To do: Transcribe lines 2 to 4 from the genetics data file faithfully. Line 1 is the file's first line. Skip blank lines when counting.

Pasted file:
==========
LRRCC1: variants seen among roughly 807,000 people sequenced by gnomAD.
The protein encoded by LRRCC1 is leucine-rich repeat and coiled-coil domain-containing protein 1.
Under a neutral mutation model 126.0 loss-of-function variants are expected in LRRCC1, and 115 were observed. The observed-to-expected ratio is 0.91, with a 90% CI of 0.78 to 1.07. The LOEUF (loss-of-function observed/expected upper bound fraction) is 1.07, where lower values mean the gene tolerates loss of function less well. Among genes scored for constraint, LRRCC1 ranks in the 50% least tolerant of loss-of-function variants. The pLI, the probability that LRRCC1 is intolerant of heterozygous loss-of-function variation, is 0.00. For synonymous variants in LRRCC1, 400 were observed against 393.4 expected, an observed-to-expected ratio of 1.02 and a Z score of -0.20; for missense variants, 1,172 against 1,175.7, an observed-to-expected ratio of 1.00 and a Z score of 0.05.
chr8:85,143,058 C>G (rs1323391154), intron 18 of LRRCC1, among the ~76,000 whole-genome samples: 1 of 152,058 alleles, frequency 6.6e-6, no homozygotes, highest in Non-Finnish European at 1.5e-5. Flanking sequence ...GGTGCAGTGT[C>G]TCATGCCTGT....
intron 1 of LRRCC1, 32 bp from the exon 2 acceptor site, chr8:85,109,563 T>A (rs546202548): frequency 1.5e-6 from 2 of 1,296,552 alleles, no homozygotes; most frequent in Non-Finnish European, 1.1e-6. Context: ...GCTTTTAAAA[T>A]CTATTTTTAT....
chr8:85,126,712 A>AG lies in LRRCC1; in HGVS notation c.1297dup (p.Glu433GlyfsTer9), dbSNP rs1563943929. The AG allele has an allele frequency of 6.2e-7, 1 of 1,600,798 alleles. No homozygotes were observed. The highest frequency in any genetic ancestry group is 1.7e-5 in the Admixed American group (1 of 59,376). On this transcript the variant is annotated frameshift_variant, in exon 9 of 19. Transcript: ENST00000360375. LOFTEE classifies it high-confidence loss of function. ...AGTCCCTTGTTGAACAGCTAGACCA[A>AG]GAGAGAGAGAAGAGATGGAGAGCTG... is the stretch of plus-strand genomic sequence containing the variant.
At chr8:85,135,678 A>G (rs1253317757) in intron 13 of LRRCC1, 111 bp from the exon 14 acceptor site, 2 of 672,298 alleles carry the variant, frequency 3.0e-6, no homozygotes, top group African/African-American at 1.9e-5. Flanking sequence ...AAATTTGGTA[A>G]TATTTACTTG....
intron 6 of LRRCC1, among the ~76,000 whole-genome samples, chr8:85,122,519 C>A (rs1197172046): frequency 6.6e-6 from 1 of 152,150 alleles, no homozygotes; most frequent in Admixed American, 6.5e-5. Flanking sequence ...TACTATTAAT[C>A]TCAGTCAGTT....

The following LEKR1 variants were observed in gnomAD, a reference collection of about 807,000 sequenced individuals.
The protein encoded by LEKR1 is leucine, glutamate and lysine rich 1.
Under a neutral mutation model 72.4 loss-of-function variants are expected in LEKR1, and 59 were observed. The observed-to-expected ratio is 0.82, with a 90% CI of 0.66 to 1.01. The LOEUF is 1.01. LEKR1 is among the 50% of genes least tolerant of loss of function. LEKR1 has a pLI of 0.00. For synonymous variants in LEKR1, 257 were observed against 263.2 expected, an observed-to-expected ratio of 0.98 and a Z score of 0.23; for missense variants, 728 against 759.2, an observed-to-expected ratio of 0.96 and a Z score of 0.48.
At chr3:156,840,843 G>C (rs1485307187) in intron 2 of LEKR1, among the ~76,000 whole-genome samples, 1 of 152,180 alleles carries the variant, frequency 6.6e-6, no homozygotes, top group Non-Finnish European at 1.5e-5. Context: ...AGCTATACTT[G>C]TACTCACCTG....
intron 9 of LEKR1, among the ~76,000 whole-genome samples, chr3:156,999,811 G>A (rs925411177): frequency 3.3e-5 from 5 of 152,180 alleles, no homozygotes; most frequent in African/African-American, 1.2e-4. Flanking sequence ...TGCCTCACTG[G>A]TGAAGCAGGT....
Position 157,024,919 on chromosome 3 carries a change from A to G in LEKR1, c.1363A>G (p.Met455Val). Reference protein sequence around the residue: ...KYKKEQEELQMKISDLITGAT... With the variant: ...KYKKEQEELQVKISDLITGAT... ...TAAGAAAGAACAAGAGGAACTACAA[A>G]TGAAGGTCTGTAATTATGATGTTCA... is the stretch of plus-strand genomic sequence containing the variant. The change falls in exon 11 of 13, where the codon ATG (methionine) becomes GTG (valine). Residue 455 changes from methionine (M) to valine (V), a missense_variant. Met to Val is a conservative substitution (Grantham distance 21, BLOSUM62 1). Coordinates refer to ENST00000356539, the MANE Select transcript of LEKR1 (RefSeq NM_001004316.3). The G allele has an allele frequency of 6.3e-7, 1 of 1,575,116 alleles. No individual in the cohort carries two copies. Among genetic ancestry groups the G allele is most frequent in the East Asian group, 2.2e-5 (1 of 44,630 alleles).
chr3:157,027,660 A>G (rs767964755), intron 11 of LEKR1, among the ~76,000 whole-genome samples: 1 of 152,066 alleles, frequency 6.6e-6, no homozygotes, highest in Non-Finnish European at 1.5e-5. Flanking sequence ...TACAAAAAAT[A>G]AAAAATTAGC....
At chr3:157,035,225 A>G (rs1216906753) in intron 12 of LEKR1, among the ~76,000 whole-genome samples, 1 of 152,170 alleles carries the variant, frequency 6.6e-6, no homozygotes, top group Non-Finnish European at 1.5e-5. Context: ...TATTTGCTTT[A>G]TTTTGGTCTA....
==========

The protein encoded by LRRCC1 is leucine-rich repeat and coiled-coil domain-containing protein 1.
Under a neutral mutation model 126.0 loss-of-function variants are expected in LRRCC1, and 115 were observed. The observed-to-expected ratio is 0.91, with a 90% CI of 0.78 to 1.07. The LOEUF (loss-of-function observed/expected upper bound fraction) is 1.07, where lower values mean the gene tolerates loss of function less well. Among genes scored for constraint, LRRCC1 ranks in the 50% least tolerant of loss-of-function variants. The pLI, the probability that LRRCC1 is intolerant of heterozygous loss-of-function variation, is 0.00. For synonymous variants in LRRCC1, 400 were observed against 393.4 expected, an observed-to-expected ratio of 1.02 and a Z score of -0.20; for missense variants, 1,172 against 1,175.7, an observed-to-expected ratio of 1.00 and a Z score of 0.05.
chr8:85,143,058 C>G (rs1323391154), intron 18 of LRRCC1, among the ~76,000 whole-genome samples: 1 of 152,058 alleles, frequency 6.6e-6, no homozygotes, highest in Non-Finnish European at 1.5e-5. Flanking sequence ...GGTGCAGTGT[C>G]TCATGCCTGT....